Metabolic substrates other than glucose support axon function in central white matter
Article first published online: 30 NOV 2001
Copyright © 2001 Wiley-Liss, Inc.
Journal of Neuroscience Research
Volume 66, Issue 5, pages 839–843, 1 December 2001
How to Cite
Brown, A. M., Wender, R. and Ransom, B. R. (2001), Metabolic substrates other than glucose support axon function in central white matter. J. Neurosci. Res., 66: 839–843. doi: 10.1002/jnr.10081
- Issue published online: 30 NOV 2001
- Article first published online: 30 NOV 2001
- Manuscript Accepted: 22 SEP 2001
- Manuscript Revised: 21 SEP 2001
- Manuscript Received: 27 JUN 2001
- energy metabolism;
- rat optic nerve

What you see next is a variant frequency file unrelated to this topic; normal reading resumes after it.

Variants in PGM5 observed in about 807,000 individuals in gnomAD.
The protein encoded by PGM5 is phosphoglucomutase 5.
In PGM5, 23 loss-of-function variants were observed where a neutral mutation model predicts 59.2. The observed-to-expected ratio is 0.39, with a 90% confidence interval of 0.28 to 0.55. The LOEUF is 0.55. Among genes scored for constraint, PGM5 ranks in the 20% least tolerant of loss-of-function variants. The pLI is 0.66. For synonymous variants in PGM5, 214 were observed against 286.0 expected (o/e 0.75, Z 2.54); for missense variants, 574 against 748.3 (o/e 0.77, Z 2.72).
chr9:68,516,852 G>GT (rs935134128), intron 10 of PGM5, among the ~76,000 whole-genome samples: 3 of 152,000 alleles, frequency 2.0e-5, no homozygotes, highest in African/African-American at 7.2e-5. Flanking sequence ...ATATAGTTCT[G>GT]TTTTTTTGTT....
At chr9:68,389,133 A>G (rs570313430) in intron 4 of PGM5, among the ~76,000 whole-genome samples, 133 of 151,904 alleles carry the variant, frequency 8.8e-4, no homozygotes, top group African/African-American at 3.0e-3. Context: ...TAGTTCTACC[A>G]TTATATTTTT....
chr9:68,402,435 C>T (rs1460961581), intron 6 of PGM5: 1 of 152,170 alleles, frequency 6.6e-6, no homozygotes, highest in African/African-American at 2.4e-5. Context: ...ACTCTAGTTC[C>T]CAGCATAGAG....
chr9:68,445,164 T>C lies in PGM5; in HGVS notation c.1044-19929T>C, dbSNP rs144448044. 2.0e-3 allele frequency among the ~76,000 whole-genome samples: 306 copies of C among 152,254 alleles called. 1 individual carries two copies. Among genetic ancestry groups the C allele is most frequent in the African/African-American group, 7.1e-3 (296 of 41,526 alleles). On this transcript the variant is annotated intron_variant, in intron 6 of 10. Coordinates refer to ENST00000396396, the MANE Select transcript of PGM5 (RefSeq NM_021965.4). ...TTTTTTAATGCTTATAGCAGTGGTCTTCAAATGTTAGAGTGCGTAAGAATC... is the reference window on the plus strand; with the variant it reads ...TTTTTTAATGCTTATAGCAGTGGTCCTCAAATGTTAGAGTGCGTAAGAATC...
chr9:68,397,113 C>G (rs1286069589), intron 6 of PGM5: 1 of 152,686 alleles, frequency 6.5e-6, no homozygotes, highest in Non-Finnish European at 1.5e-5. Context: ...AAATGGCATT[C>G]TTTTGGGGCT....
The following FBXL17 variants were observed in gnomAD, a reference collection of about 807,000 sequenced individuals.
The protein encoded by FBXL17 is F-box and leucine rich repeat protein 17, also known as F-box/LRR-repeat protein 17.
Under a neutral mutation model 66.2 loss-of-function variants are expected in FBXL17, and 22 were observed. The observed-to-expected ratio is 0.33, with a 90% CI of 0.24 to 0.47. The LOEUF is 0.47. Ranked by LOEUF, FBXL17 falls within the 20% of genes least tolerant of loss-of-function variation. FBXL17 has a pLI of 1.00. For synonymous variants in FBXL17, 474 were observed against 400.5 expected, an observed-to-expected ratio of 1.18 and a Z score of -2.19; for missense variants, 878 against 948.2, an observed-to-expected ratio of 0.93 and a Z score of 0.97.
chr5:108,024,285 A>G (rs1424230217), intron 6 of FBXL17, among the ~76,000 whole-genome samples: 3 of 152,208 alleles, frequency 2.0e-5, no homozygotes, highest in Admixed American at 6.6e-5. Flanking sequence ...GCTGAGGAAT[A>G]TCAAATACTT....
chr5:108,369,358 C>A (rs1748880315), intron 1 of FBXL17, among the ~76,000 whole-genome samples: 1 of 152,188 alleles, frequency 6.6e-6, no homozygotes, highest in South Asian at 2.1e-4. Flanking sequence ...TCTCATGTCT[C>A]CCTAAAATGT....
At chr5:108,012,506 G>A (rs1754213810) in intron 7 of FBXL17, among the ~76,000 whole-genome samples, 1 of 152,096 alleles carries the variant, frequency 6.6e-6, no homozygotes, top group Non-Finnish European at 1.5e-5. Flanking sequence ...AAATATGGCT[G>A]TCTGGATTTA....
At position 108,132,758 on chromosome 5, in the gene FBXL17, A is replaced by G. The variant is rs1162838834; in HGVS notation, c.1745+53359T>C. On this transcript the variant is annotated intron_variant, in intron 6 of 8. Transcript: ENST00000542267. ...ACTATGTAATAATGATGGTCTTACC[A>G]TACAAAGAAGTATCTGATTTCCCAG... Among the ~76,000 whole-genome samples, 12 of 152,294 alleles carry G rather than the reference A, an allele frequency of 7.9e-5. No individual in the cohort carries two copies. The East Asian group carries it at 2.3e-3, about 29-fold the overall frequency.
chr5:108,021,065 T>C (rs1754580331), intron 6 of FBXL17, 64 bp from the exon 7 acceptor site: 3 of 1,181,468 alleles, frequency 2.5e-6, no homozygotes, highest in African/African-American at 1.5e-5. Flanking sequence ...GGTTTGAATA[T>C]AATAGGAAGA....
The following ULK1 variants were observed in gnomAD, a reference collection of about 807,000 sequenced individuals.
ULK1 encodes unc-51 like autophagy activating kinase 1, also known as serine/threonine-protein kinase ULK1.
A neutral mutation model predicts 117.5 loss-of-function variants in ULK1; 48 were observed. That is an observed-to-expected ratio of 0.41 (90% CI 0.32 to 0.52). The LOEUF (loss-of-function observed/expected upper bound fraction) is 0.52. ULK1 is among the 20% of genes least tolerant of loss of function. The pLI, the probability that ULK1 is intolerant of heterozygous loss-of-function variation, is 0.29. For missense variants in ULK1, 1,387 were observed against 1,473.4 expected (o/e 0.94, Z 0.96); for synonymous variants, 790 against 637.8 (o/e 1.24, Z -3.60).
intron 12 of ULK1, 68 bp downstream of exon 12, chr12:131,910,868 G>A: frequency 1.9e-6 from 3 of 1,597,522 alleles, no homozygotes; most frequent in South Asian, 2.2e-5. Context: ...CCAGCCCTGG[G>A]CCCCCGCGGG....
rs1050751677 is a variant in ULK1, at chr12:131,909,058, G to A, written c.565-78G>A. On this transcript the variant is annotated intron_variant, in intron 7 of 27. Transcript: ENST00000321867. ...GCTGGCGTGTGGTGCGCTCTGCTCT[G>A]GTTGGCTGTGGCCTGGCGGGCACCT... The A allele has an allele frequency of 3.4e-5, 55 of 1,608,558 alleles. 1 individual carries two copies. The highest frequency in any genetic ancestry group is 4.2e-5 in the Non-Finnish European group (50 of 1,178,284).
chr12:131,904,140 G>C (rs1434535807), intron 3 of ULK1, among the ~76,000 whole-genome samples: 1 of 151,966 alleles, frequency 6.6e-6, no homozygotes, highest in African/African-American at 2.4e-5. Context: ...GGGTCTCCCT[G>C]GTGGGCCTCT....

We tested the hypothesis that non-glucose energy sources can support axon function in the rat optic nerve. Axon function was assessed by monitoring the stimulus-evoked compound action potential (CAP). CAP was maintained at full amplitude for 2 hr in 10 mM glucose. 20 mM lactate, 20 mM pyruvate, 10 mM fructose, or 10 mM mannose supported axon function as effectively as did glucose, and 10 mM glutamine provided partial support, but β-hydroxybutyrate, octanoate, sorbitol, alanine, aspartate, and glutamate failed to support axon function. Our results indicated that a variety of compounds can sustain function in CNS myelinated axons. Axons probably use lactate, pyruvate, and glutamine directly as energy substrates, whereas mannose and fructose could be shuttled through astrocytes to lactate, which is then exported to axons. © 2001 Wiley-Liss, Inc.